not fit; not adapted or suited; unsuitable: He was unfit for his office.
unqualified or incompetent.
not physically fit or in due condition.
Biology. pertaining to an organism or population that is not adapted to prevailing conditions or is not producing offspring in sufficient numbers to maintain its contribution to the gene pool of the next generation.

verb (used with object)

to render unfit or unsuitable; disqualify.

Origin of unfit

First recorded in 1535–45; un-1 + fit1
Related formsun·fit·ness, noun

Synonyms for unfit

Dictionary.com Unabridged Based on the Random House Unabridged Dictionary, © Random House, Inc. 2019

Examples from the Web for unfit

Contemporary Examples of unfit

Historical Examples of unfit

  • With such deep yearning in his soul, he was unfit for heaven.

    Other Tales and Sketches

    Nathaniel Hawthorne

  • The unfit brought in for strength are weakness and destruction.

    Weighed and Wanting

    George MacDonald

  • When I discovered that I was unfit to hold that trust any longer, I quit.


    Mary Roberts Rinehart

  • This craft was unfit for her duty, but time pressed, and no better offered.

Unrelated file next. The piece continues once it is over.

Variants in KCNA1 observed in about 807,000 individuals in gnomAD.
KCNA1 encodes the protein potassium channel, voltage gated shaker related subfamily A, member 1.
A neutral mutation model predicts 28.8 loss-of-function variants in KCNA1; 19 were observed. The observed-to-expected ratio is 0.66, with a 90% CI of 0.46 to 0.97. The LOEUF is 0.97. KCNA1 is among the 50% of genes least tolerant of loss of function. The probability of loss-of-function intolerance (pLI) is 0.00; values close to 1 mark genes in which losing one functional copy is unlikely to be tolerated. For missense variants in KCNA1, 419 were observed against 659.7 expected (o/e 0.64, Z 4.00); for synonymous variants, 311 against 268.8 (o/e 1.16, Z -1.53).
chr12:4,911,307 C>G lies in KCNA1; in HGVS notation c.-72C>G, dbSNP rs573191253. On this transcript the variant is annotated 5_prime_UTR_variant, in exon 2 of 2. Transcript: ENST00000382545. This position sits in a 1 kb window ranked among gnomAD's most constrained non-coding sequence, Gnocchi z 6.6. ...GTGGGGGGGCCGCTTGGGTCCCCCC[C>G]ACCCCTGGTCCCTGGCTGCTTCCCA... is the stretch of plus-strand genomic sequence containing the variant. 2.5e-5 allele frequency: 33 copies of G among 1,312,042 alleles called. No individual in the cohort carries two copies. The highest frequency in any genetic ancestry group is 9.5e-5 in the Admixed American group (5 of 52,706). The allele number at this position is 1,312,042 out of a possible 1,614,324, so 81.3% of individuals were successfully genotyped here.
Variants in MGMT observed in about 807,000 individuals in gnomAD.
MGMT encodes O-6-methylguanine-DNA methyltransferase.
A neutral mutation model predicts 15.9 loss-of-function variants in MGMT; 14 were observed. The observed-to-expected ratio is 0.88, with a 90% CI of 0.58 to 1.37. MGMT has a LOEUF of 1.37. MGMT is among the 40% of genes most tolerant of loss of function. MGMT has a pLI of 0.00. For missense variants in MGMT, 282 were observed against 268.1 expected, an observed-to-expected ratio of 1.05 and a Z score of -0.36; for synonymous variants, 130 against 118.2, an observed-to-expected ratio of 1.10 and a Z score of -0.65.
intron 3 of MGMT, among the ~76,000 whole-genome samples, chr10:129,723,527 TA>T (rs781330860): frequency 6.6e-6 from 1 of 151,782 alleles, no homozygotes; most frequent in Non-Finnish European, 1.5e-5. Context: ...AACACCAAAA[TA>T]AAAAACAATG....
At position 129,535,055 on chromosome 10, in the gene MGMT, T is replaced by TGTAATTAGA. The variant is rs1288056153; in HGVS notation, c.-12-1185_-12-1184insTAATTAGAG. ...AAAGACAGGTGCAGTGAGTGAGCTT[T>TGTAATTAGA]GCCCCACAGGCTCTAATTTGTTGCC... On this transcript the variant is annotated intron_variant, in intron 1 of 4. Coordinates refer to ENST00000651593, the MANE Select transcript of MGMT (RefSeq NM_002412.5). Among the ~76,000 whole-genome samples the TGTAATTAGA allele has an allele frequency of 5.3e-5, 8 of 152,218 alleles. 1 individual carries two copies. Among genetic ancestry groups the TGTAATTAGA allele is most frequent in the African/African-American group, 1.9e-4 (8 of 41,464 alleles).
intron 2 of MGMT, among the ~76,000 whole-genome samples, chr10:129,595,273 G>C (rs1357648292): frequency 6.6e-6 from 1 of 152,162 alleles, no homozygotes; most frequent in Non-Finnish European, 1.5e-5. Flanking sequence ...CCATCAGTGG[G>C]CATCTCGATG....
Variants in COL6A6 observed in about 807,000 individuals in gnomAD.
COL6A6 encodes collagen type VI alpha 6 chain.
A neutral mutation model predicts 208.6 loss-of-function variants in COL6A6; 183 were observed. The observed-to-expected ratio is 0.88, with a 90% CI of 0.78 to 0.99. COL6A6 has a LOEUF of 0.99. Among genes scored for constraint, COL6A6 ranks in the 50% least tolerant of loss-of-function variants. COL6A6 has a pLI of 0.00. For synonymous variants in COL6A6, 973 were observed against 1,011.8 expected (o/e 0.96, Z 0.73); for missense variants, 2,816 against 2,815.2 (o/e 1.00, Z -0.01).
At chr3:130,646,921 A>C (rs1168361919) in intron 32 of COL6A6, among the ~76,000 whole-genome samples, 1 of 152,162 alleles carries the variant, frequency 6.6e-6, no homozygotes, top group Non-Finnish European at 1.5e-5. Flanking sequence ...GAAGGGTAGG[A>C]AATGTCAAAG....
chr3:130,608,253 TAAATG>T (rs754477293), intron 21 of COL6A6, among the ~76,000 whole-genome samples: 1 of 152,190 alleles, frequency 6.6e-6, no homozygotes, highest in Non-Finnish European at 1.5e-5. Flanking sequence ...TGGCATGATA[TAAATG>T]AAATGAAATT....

Ned Myers

    James Fenimore Cooper

  • If there are yellow streaks in the lean of the bacon, it is rusty, and unfit to eat.

British Dictionary definitions for unfit



(postpositive often foll by for) unqualified, incapable, or incompetentunfit for military service
(postpositive often foll by for) unsuitable or inappropriatethe ground was unfit for football
in poor physical condition
Derived Formsunfitness, noun
Collins English Dictionary - Complete & Unabridged 2012 Digital Edition © William Collins Sons & Co. Ltd. 1979, 1986 © HarperCollins Publishers 1998, 2000, 2003, 2005, 2006, 2007, 2009, 2012

Word Origin and History for unfit

1540s, "not suitable" (in reference to things), from un- (1) "not" + past participle of fit (see fit (adj.)). Related: Unfitness. In reference to persons or human qualities, attested from 1550s. The verb meaning "to render unfit" is recorded from 1610s.

Online Etymology Dictionary, © 2010 Douglas Harper